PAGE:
By Cynthia Montes
A new truck-driver training program has started to address the region’s and the nation’s need for skilled drivers and to upgrade workers’ skill levels, Lou Anne Bynum, executive vice president for college advancement and economic development, said Monday, Nov. 19.
Bynum said the program is designed to also provide opportunities for laid-off workers, unemployed, U.S. veterans and the economically disadvantaged.
The training program will incorporate topics in safety, alternative fuel technology, transporting hazardous materials and security.
The participants also will learn distribution management, inventory, operations and safety, supply chain, processing and owner-operation principles.
“Our training will help them to be good drivers. The notion of simple truck-driving doesn’t hold true anymore,” Bynum said. The drivers will also be trained to be business owners, she said.
George Lara, 19, an undecided major, said, “The program is good. It helps that more jobs are created. People can learn new material and gain new experience.”
The program is funded by a two-year $440,000 grant from the California Community Colleges Chancellor’s Office and backed by $450,000 pledged commitment from the trucking industry.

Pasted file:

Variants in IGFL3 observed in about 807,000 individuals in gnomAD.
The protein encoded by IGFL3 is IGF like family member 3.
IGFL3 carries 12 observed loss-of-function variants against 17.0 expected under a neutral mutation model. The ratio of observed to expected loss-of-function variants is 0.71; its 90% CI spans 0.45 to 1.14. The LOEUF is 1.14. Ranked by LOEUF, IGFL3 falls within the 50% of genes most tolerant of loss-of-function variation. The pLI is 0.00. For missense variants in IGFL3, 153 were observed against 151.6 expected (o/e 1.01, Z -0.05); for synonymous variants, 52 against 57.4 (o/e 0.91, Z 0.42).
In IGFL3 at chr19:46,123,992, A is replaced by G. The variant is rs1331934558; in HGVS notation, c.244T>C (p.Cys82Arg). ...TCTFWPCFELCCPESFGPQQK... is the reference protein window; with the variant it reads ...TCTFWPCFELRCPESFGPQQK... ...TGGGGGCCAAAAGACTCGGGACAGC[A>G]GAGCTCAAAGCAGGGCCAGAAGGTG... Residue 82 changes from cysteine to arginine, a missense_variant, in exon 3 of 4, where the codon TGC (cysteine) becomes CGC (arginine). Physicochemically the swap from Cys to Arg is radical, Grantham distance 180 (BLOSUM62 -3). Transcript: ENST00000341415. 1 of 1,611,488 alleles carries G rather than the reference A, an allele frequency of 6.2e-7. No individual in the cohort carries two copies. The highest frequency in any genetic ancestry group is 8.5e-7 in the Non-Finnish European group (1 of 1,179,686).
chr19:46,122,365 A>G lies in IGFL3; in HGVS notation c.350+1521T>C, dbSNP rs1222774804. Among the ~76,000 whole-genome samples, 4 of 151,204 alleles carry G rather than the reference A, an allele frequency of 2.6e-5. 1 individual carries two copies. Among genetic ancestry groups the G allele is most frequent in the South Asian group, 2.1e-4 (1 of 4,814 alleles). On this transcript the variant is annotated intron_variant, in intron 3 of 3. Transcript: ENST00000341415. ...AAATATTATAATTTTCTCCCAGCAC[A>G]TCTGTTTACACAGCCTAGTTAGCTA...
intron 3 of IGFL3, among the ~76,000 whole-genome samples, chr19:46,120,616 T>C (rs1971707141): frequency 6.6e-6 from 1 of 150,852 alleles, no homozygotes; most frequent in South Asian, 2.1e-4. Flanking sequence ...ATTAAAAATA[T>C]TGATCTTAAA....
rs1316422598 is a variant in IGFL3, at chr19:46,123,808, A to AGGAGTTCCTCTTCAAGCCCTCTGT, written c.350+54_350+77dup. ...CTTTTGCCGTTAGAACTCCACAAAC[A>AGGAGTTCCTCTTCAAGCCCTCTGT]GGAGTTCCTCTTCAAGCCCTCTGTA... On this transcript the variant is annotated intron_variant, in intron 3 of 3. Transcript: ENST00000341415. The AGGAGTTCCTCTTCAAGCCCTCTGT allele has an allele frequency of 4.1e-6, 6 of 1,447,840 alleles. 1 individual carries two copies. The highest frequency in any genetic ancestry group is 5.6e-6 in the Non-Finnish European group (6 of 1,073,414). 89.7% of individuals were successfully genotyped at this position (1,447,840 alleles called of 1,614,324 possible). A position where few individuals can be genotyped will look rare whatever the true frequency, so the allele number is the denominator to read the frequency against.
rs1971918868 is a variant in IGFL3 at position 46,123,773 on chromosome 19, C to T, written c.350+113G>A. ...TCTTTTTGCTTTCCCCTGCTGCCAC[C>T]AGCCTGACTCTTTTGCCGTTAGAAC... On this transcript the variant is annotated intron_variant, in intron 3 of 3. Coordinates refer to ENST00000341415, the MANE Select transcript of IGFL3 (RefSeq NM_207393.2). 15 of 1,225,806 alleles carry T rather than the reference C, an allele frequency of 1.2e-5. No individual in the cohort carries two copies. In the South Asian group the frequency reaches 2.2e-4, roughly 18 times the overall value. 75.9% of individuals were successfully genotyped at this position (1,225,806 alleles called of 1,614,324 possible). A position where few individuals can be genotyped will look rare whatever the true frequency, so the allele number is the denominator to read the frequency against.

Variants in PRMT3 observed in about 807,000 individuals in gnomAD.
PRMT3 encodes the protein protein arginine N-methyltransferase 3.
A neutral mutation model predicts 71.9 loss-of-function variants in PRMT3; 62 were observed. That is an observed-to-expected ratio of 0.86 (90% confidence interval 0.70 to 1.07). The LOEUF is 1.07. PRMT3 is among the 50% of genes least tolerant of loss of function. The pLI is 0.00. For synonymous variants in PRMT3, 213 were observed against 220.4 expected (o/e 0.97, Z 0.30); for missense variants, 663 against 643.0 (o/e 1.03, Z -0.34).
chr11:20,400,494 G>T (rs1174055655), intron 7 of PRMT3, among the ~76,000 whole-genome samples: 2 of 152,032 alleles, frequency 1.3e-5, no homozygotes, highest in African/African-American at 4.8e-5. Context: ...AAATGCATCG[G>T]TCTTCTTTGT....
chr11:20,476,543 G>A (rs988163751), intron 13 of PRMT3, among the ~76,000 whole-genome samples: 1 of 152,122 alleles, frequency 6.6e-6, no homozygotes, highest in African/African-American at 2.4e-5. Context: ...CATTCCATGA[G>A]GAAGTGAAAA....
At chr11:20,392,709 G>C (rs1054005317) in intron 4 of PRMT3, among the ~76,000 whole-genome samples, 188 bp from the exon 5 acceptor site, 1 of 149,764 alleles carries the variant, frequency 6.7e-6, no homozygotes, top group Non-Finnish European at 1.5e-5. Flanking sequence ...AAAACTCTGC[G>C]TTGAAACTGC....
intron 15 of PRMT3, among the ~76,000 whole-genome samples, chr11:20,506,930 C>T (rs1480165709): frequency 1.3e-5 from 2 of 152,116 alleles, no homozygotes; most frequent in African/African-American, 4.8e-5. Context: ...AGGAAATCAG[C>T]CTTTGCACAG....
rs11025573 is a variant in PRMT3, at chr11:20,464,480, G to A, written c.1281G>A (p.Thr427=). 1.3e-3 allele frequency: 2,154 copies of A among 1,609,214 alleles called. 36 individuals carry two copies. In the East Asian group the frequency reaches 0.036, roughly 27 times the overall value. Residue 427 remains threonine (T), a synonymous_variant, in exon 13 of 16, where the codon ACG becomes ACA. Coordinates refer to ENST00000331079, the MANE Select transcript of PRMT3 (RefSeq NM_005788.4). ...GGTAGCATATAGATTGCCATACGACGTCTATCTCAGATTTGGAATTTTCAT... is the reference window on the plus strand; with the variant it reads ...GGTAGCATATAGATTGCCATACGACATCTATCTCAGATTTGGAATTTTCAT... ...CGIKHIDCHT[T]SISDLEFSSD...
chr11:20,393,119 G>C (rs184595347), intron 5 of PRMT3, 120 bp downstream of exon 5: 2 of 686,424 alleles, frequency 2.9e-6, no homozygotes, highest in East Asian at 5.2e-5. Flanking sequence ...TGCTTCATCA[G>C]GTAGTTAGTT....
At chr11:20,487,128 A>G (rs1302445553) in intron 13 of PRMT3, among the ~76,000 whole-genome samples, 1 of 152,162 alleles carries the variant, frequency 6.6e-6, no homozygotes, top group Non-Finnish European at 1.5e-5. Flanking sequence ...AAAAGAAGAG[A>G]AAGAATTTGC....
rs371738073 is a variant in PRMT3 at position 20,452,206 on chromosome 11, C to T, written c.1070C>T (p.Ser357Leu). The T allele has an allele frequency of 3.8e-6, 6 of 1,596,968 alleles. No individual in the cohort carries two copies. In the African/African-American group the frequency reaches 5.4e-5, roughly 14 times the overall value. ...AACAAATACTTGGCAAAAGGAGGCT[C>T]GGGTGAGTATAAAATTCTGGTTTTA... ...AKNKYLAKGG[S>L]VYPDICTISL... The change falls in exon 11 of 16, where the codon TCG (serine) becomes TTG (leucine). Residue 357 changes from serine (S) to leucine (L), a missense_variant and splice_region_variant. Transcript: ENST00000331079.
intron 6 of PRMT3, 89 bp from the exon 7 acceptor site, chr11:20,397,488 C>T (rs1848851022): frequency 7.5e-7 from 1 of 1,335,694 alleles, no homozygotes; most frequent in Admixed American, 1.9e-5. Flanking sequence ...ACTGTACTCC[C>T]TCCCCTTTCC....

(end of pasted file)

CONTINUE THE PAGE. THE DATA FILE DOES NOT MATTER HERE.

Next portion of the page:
Bynum said existing infrastructure built at LBCC will be used for the training.
She said the Advance Transportation Technology Center headed by Cal Macy and Pete Sparks and the Small Business Development Center are participants in the training.
Jesus Cervantes, 21, a history major, said, “It gives people an opportunity to learn without paying so much money. It’s good for Long Beach and it’s helping out students to get familiar with new technology and new system.”
The Harbor Trucking Association, which represents all trucking agencies, helped developed the program.
Its member companies, drivers and port operators at both ports of Long Beach and Los Angeles will collaborate in the instruction and training. Bynum said, “We will have teachers from the industry.”
The Long Beach and Los Angeles area offers a lot of trade activities, she said. Almost 50 percent of imported goods pass through the ports. The trucking industry identified the large need for skilled drivers in the region.
The new truck-driver training program starts in November and will end in January 2014. It aims to train 300 students. She said the trucking association will help recruit participants.
The Pacific Gateway Workforce Investment Network also will be consulted to identify participants who are unemployed and underemployed.
Bynum said the LBCC office of college advancement and economic development works with other agencies in its grant-funded projects.
Although the current program is for just two years, Bynum said, “We do look for other sources of funds.” She said they are strategic in their focus.